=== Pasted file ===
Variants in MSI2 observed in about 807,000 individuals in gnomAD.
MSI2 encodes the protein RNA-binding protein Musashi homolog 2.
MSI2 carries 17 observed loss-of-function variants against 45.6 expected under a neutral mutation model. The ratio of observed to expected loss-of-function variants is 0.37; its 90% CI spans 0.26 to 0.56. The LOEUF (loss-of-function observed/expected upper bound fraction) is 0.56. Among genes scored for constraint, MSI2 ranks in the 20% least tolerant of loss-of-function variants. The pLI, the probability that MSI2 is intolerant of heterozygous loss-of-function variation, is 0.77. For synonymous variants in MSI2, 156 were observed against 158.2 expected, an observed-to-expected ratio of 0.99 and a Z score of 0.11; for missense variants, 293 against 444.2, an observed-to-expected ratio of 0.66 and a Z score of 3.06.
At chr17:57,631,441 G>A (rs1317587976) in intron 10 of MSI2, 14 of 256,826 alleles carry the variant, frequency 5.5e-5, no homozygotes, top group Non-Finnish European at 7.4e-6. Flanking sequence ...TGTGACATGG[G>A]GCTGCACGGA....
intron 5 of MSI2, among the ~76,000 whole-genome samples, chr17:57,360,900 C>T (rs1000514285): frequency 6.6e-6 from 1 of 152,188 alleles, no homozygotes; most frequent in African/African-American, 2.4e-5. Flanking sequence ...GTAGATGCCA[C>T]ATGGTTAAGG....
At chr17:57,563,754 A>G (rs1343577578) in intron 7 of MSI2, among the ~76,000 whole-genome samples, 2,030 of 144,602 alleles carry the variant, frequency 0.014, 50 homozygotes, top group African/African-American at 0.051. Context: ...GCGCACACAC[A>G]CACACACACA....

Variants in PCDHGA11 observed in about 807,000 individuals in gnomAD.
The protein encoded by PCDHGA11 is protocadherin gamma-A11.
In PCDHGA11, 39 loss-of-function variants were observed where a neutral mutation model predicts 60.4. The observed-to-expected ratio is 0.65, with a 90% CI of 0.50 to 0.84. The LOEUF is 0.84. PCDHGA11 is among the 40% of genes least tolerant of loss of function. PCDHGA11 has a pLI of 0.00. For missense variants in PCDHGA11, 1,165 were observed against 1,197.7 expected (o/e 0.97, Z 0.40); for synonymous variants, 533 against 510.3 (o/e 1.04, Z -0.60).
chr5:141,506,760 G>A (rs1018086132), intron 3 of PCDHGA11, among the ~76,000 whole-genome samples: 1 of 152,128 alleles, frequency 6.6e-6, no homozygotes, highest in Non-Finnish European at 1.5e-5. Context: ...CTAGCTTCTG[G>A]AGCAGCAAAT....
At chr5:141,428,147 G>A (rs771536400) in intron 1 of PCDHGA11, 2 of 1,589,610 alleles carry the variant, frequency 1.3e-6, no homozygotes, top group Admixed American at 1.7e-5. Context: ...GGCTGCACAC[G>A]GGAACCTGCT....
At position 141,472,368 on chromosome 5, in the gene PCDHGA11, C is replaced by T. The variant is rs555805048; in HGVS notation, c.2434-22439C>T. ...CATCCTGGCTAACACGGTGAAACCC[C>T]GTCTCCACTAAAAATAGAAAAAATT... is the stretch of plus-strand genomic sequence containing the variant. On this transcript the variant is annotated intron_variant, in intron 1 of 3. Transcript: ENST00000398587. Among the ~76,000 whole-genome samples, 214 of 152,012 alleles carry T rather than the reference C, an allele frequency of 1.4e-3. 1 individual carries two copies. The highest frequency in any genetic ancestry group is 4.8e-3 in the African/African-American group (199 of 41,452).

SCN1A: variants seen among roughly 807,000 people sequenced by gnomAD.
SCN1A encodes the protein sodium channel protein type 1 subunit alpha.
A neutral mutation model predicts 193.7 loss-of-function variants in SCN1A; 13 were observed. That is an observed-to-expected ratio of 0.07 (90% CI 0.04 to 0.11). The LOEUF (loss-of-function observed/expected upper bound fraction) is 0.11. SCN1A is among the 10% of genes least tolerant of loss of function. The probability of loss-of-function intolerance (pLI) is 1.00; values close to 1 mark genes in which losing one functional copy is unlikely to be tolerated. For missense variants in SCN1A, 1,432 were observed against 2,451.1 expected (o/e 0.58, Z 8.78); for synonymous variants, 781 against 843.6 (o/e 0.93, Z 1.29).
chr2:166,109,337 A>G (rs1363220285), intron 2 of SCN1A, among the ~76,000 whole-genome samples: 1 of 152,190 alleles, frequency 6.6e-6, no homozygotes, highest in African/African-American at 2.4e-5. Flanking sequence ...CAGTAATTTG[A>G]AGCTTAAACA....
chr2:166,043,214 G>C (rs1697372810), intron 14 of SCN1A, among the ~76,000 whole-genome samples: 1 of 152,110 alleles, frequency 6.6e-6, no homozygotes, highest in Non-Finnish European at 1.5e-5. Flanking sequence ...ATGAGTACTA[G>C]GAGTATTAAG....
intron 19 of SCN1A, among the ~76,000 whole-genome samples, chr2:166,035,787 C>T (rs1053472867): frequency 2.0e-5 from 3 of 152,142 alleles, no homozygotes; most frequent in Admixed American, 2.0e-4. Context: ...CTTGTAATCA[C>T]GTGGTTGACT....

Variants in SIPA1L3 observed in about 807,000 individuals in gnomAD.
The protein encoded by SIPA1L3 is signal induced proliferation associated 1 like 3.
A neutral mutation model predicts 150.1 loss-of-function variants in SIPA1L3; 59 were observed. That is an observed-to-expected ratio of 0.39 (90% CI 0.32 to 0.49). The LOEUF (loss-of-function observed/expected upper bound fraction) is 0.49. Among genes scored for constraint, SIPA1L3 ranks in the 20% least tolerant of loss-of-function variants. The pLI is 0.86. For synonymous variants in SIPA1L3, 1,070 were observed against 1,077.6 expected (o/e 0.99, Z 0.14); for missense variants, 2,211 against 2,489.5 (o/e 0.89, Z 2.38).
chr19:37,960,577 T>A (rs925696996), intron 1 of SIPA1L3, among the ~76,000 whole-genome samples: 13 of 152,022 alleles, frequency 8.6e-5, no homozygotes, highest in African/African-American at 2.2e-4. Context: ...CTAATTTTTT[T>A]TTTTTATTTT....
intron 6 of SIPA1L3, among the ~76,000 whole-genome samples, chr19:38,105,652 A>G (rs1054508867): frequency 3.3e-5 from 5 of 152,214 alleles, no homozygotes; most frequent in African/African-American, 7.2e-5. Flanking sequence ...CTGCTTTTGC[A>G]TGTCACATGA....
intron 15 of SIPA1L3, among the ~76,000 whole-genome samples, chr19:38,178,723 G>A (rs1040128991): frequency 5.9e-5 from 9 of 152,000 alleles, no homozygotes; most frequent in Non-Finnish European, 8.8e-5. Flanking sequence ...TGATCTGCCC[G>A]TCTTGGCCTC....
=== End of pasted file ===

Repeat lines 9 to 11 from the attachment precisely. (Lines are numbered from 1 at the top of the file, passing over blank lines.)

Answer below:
In PCDHGA11, 39 loss-of-function variants were observed where a neutral mutation model predicts 60.4. The observed-to-expected ratio is 0.65, with a 90% CI of 0.50 to 0.84. The LOEUF is 0.84. PCDHGA11 is among the 40% of genes least tolerant of loss of function. PCDHGA11 has a pLI of 0.00. For missense variants in PCDHGA11, 1,165 were observed against 1,197.7 expected (o/e 0.97, Z 0.40); for synonymous variants, 533 against 510.3 (o/e 1.04, Z -0.60).
chr5:141,506,760 G>A (rs1018086132), intron 3 of PCDHGA11, among the ~76,000 whole-genome samples: 1 of 152,128 alleles, frequency 6.6e-6, no homozygotes, highest in Non-Finnish European at 1.5e-5. Context: ...CTAGCTTCTG[G>A]AGCAGCAAAT....
At chr5:141,428,147 G>A (rs771536400) in intron 1 of PCDHGA11, 2 of 1,589,610 alleles carry the variant, frequency 1.3e-6, no homozygotes, top group Admixed American at 1.7e-5. Context: ...GGCTGCACAC[G>A]GGAACCTGCT....